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Short-Term Power Plays
Posted By Eno Sarris On September 17, 2012 @ 2:15 pm In Strategy | 4 Comments
If you’re still here, congratulations! For a second, it made sense to write about Addison Reed possibly losing his job to Matt Thornton, but Colin at the Bullpen Report wrote just about what I would have, which is that, “Holy BABIP, what’s going on with Reed?!” Matt Thornton is a pickup, but Reed’s not a dropper, not at this point. Mike Axisa also had more on this today.
So instead let’s reprise last week’s article and look at players that can help in power categories this week (speed tomorrow). Leagues of all sizes and depths should find an interesting player or two here.
The best power park in play early this week is Yankee Stadium. The Blue Jays come to town, meaning Adam Lind is your Shallow League Power Pickup of the Early Week. He’s a lefty, and Yankee Stadium augments home runs by left-handers by 16%, the most in the business. Unfortunately, he gets Andy Pettitte, Phil Hughes and CC Sabathia, in that order, so call him the Shallow League Power Pickup for Wednesday and Wednesday Alone. Those pitching matchups negate half of the advantage any left-hander might have in the Bronx, so Kelly Johnson and Colby Rasmus are also only slightly more interesting than usual, but righties still get a 5% homer advantage. Deep leaguers could consider J.P. Arencibia and maybe Moises Sierra, but either would be a shot in the dark at best, considering the catcher’s contact rate and the outfielder’s modest power.
Other than that series, the only other series getting a ‘real’ power boost is the one in Chicago, where Wrigley Field has the tenth-friendliest confines for power hitters in baseball. Considering their pitching staff right now, it’s an interesting play. Ryan Ludwick might be a decent power play, if he’s available to you. Todd Frazier would be more interesting if his playing time was more predictable right now. He’ll play on Wednesday against lefty Chris Rusin, at least. Deep leaguers could try either of Chris Heisey or Drew Stubbs, even if neither has a ton of power, with Heisey most likely playing against the two right-handers on Tuesday and Thursday. The Cubs produce Anthony Rizzo and Alfonso Soriano for shallow leagues — home all week — and not much for the deep leaguers. Brett Jackson and Josh Vitters? It’s not even clear if they are long-term major league starters at their positions.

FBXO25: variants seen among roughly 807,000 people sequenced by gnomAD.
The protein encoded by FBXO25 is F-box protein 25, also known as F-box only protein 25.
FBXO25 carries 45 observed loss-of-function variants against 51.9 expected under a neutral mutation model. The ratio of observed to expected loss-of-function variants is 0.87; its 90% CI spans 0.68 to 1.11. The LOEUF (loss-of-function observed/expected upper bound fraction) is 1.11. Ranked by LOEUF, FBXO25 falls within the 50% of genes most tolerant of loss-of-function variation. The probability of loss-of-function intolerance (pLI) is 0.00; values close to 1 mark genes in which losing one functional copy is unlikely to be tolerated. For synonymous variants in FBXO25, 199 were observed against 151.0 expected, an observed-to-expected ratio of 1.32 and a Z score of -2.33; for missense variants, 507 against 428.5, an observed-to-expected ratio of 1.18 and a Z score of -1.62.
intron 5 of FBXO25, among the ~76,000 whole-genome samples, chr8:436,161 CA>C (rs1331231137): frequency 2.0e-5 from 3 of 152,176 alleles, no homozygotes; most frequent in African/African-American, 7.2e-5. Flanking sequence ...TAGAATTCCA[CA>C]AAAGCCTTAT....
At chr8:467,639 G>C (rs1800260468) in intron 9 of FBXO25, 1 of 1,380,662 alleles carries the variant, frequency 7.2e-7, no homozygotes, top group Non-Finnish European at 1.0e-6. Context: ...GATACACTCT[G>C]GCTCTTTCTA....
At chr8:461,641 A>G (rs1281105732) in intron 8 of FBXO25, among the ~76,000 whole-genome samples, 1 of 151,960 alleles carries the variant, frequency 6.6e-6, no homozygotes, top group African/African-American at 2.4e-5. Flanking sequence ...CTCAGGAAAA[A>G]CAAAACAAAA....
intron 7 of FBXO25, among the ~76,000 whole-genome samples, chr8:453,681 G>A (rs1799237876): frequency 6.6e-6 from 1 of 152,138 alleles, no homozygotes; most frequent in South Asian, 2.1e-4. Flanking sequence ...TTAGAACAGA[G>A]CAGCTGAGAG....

Over the weekend, the schedule gets a little friendlier to power. The Dodgers travel to Cincinnati (106 PF HR/LHB, 113 RHB), Pittsburgh is at Houston (104/104), Atlanta is in Philly (107/102), and, perhaps most importantly, Oakland is in New York (116/106) and Arizona is in Colorado (110/113). Shallow leaguers looking for a late-week power boost could get out in front by picking up Jason Kubel, or — gasp — Chris Johnson, who can still run into one now and again. Chris Young might be back at some point — he’s already pinch-hitting — and is a legitimate power hitter despite his low home run total. All his power peripherals look just fine. Deep leaguers should probably just look to the Rox, who have Tyler Colvin banging around on some waiver wires, and the more modest power of Jordan Pacheco and Chris Nelson on more.
And yes, the Yankees are home twice this week, but they are so well-picked over. Even though Nick Swisher is in the midst of a terrible slump, shallow leaguers could go that direction if it’s an option. Oh and Raul Ibanez might be available, and he is left-handed, so maybe his .285/.330/.485 home split this year is interesting to you. Problem is, he usually ends up getting LOOGY-d and then pinch-hit for, but he might do some damage in his three plate appearances. At least New York will miss both Tommy Milone and Brett Anderson, and Toronto’s lone lefty starter right now is Ricky Romero… it might just work. It’s the platoon-heavy Oakland team that will get the Yankee’s righties in a lefty-friendly park, which has to be a good thing. It might be a nice weekend for Seth Smith and Brandon Moss, for example.
The rest of the matchups are less clear. Even if you stick to a hand — say a righty Dodger in Cincy, or a lefty Brave in Philly, your waiver wire is not likely to produce a gem. The best waiver-wire level righty power talent in Los Angeles might be… Juan Rivera? A.J. Ellis? And for the Braves, readily available lefty power includes… Juan Francisco? Eric Hinske? We’ve outlined much better pickups than these.
Good luck gopher hunting.
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